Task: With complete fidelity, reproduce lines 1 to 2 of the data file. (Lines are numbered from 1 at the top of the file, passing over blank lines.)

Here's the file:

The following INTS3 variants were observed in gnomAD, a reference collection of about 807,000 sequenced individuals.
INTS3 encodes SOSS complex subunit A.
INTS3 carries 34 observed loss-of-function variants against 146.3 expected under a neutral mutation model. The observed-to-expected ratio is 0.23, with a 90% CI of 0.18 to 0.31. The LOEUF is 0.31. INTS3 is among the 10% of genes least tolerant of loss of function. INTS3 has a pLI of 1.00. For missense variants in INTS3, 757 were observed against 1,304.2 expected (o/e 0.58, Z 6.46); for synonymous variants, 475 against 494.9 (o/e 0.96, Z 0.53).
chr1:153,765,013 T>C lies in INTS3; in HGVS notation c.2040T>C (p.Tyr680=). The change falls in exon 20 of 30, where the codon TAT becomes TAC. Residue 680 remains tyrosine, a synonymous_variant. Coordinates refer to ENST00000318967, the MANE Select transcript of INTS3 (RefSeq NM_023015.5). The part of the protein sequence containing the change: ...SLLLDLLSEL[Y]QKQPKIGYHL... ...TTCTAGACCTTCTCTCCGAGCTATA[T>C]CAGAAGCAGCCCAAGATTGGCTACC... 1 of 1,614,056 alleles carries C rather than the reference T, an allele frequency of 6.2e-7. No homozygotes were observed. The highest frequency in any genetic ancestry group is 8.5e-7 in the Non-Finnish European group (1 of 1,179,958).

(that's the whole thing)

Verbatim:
The following INTS3 variants were observed in gnomAD, a reference collection of about 807,000 sequenced individuals.
INTS3 encodes SOSS complex subunit A.